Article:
same time, indulging in a strong hope for her future
artistic life, which we believe will be a brilliant one.
Her personal appearance is very much in her favor,
and the audience took that fact into gracious consid
eration and gave her a warm acknowledgment the
moment that she first appeared upon tho stage.
During the first act and a part of the second, she ap
peared to be laboring under some restraint, and her
voice lacked clearness; but subsequently those fea
tures disappeared, and in the third act she could
safely relinquish much of her claims to success on
the score of her great personal beauty, and demand a
recognition of her powers upon her merits; which,
we are pleased to say, the audience accorded with
warmth. She was vivacious, glad, capricious, tan
talizing and coquetish, as the mood came over her in
her acting, and through all there run a thread ol
womanly tenderness and gentleness, and an under
current of joyousness that was very pleasing indeed,
and which at once enlisted the applause and favor of
the audience. In the mock marriage scene her light
ness and levity, half subdued by a deeper feeling which
would express itself on her lips and in her eyes— a
feeling of love for Orlando —she made a complete sue*
cess and left little to be desired. The scene in which
the blood-stained kerchief was presented, where aha
shudderingly looked upon her lover’s blood, was
given with a great deal of force, mingled with femin
ine tenderness, and with strong evidences that there
was not so much of a masculine heait throbbing be
neath her doublet as she desired Orlando’s repentant
brother to believe. In the last scene she was very
effective, indeed, and gave the epilogue with discre
tion, clearness and force. We have hinted at her
beauty, which we may say is developed as strongly
in her face as in her figure; the former of which is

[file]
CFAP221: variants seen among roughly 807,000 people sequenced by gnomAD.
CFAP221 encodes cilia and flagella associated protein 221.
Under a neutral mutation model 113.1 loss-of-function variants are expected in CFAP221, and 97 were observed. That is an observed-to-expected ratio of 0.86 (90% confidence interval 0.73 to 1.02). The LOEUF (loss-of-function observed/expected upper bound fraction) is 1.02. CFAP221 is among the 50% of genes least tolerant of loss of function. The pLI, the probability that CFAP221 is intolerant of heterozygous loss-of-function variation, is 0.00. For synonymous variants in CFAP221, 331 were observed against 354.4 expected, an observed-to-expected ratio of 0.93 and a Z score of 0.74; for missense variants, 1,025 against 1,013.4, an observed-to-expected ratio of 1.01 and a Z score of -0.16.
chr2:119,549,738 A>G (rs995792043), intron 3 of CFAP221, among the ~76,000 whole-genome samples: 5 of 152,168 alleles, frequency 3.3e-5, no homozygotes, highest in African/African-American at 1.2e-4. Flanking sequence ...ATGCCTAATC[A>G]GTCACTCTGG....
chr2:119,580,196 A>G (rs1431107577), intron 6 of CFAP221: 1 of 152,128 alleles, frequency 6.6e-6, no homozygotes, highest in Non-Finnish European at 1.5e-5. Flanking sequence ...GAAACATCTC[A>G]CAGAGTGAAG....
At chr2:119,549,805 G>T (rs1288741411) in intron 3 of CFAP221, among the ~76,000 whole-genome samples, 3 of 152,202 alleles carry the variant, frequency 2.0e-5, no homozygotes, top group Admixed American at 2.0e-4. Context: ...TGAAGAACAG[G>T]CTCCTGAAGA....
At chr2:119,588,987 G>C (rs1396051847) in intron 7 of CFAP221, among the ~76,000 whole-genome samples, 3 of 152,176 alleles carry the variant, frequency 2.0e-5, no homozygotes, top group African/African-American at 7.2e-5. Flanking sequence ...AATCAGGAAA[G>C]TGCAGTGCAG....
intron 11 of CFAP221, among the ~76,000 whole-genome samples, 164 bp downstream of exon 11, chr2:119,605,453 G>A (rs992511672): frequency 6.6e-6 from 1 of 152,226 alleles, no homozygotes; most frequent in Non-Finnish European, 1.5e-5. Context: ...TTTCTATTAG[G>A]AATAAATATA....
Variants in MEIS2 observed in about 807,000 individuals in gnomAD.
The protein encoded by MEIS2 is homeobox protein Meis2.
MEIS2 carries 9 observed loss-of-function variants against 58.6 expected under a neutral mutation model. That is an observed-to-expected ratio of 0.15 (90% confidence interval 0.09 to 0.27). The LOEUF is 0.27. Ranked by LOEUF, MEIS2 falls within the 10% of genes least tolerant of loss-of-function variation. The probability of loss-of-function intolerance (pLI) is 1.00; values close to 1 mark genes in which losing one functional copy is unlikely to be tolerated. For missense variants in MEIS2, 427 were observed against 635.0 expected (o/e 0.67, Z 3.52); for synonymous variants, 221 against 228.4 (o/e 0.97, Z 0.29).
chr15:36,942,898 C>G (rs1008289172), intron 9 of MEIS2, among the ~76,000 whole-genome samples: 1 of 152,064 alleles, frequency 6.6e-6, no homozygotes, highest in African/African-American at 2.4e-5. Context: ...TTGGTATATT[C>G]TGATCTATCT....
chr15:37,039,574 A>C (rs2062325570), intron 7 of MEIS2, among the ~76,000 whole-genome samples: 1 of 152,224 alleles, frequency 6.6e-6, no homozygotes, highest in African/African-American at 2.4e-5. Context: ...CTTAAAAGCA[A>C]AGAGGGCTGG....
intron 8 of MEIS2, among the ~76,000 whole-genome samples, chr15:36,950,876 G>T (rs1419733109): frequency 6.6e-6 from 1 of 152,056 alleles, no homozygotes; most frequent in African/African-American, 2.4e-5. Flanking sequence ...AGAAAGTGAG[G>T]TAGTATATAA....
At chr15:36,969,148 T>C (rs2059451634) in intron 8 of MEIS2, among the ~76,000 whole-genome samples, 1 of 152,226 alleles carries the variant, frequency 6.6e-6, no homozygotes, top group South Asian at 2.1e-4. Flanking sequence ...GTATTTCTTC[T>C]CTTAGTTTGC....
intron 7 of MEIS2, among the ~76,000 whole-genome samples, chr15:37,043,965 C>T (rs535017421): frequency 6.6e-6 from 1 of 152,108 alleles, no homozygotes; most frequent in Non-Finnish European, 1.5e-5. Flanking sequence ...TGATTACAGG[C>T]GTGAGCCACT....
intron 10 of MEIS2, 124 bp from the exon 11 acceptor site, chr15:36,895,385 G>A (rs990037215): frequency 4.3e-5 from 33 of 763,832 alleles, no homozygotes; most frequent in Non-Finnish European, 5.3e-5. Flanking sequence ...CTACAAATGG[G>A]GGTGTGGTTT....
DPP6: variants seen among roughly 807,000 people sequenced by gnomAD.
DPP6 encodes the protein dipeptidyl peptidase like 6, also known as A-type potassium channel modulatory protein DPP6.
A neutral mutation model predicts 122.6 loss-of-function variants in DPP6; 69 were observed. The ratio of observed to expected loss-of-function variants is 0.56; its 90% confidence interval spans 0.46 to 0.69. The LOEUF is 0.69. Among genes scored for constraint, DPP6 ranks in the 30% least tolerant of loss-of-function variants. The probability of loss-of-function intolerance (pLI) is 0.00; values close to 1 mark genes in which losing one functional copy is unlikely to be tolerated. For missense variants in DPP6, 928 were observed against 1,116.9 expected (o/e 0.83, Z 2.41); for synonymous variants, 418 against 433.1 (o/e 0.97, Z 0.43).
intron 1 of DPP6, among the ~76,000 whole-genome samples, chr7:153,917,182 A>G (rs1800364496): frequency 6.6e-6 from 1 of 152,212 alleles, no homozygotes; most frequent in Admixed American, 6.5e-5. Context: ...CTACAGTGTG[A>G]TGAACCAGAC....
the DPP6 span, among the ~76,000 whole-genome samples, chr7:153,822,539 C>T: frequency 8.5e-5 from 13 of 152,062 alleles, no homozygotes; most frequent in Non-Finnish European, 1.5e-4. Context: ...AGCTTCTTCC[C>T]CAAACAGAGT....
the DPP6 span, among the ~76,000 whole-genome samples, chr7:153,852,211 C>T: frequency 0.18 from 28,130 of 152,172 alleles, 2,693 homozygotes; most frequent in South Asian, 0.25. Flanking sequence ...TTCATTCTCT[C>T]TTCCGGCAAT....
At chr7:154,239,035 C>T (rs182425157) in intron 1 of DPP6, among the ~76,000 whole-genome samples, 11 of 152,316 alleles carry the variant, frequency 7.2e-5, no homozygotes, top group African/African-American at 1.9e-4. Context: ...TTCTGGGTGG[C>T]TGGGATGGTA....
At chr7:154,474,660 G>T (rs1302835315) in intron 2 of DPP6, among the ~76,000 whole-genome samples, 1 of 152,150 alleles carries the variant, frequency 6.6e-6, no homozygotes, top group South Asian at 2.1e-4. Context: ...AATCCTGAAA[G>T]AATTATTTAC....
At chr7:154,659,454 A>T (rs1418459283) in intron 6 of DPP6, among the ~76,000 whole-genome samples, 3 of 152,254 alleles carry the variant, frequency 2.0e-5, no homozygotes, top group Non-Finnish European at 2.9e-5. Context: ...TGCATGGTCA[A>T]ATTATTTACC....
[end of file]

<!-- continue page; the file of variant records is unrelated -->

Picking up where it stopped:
classically beautiful, and of great mobility, and tha
latter is graceful, and her motions possess to a re
markable degree, those curves that are described as
Hogarth’s lines of beauty. Her performance, taken
as a whole, was a success, and the applause that sh®
received was honestly earned. We may say this
more especially in view of the fact that she had to con
tend against many drawbacks; such as imperfect
ness in the text, by those to whom and with whom
she more Immediately acted, a lack of proper scene
ry and properties, and a paucity of talent on the pari
of some upon whom much of her success should
have depended. Mr. Davidge, as Touchstone, Mr. Pars*
loe, as William, Mr. Dunn, as Amicus, and Miss
Gray, as Celia, are not to De included in the last sub
derision of the last sentence. Of tho rest, we do not
care to speak, except to say that Mr. Mortimer, as
Orlando, was simply acceptable. •
As Juliet, she looked the character of the gentle lov
ing maiden to admiration, and, taken in conne-tion
with her Rosalind, showed, that she possesses a great
deal of versatility of talent, and she has a good under
standing and just conception of the part. We have
not the space to descant on the marked difference
that exists between the two characters and the requi
sitions that each make for different emotional effects.
Tnose will forcibly strike [the student of Shaksper®
or the’ play-goer, without any enumeration of them
by us. In the lighter scenes of the tragedy she was
excellent* and the balcony scene was given with
touching earnestness and a quiet depth of feeling
that was remarkable and admirable. In the passion
ate scenes, however, she appeared to lack physical
power to strongly portray fear and agony, and, at tha
terrible close of the drama, that despairing anguish
which the situation and the forcibly beautiful lan
guage demands. Her faults and shortcomings in
these respects, and at times her lack of attrition and
intensity, can all be cured by conscientious study
and diligent practice; and the same remark applies
to several faulty readings, which custom has not
sanctioned, nor the sense and true meaning of th®